Getting Infrastructure Priorities Right in Post-Conflict Reconstruction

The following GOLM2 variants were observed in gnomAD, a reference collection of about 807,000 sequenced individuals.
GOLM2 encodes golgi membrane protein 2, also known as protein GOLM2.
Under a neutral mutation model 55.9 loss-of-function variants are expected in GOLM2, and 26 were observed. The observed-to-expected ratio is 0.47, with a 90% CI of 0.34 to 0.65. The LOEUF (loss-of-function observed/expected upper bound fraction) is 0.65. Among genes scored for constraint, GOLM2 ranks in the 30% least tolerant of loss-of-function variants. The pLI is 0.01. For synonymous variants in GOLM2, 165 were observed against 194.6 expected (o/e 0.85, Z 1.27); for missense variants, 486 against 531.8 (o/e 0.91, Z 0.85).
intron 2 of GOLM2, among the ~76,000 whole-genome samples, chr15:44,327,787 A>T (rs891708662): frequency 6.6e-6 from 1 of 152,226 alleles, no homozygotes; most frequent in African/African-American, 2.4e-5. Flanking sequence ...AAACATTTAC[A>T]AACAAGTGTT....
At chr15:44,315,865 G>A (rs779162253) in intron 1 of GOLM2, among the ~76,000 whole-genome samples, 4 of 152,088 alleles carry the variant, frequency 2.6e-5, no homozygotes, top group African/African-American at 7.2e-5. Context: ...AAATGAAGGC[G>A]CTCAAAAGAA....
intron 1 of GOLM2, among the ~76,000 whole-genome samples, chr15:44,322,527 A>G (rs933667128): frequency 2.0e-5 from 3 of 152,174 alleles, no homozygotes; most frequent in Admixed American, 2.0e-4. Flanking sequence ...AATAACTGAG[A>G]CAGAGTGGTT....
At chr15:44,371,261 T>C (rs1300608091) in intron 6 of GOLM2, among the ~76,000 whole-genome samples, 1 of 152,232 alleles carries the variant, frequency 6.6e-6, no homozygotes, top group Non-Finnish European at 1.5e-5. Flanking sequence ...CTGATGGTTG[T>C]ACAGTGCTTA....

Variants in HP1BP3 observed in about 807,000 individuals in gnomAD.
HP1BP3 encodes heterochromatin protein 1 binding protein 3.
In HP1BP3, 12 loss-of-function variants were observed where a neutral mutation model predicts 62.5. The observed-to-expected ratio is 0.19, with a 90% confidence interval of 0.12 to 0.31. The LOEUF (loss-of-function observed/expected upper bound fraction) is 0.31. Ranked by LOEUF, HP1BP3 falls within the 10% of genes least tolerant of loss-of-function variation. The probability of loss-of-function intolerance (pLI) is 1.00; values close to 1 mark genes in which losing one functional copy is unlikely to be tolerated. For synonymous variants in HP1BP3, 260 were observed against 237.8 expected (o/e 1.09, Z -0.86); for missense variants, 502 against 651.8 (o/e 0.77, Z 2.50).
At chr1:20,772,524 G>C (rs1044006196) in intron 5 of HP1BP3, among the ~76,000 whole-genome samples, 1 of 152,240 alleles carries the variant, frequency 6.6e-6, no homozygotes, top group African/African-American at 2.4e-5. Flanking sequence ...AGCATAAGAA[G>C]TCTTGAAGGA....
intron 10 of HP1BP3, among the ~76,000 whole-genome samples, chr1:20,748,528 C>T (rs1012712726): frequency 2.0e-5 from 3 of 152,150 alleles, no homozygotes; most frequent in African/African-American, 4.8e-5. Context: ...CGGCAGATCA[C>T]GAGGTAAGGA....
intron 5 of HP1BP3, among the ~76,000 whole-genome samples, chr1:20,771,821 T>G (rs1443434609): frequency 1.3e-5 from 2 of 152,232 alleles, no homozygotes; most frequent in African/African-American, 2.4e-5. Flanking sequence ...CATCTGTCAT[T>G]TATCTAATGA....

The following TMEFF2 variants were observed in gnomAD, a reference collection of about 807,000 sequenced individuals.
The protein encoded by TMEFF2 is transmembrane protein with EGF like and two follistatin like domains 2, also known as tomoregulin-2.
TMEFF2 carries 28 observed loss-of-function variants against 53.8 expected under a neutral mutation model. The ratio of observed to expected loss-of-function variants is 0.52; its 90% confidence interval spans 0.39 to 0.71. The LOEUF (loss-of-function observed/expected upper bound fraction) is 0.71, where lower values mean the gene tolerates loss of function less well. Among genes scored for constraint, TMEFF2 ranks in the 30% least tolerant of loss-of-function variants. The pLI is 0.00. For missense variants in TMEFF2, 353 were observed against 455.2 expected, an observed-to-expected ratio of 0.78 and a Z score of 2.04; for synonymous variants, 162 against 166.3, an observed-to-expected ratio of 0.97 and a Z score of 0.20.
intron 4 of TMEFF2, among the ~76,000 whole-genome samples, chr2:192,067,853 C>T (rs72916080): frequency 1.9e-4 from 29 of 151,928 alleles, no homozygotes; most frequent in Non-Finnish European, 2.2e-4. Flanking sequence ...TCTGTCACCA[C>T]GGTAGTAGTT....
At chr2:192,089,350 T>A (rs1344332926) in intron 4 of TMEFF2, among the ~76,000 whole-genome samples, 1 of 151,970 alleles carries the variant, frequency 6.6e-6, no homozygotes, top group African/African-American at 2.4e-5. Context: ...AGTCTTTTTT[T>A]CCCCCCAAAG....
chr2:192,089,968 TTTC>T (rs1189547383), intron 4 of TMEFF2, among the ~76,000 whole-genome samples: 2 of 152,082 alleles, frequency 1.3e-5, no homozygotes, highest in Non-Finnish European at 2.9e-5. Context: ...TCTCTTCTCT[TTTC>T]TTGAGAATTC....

In this paper, an attempt is made to identify some key challenges for infrastructure sectors in post-conflict reconstruction. In spite of the Hague and Geneva Conventions, infrastructure can be damaged in conflicts, and reconstructing infrastructure is often essential to sustain recovery. Conflicts erode governance institutions, weaken public expenditure management systems, and increase transaction costs making it difficult for principals to monitor their agents. Infrastructure includes both ‘hard’ and ‘soft’ assets of societies and the rebuilding of social institutions and capacity of communities is as crucial as reconstructing roads and bridges. A framework is developed here for assessing alternative infrastructure policies for their impact on three key dimensions of (i) governance and state rebuilding, (ii) conflict prevention and peace, and (iii) poverty reduction. Drawing upon evidence from evaluation studies including Afghanistan, Bosnia-Herzegovina, Croatia, East Timor and Rwanda, a number of policy tensions and action points for policymaking in infrastructure sectors in post-conflict contexts are identified.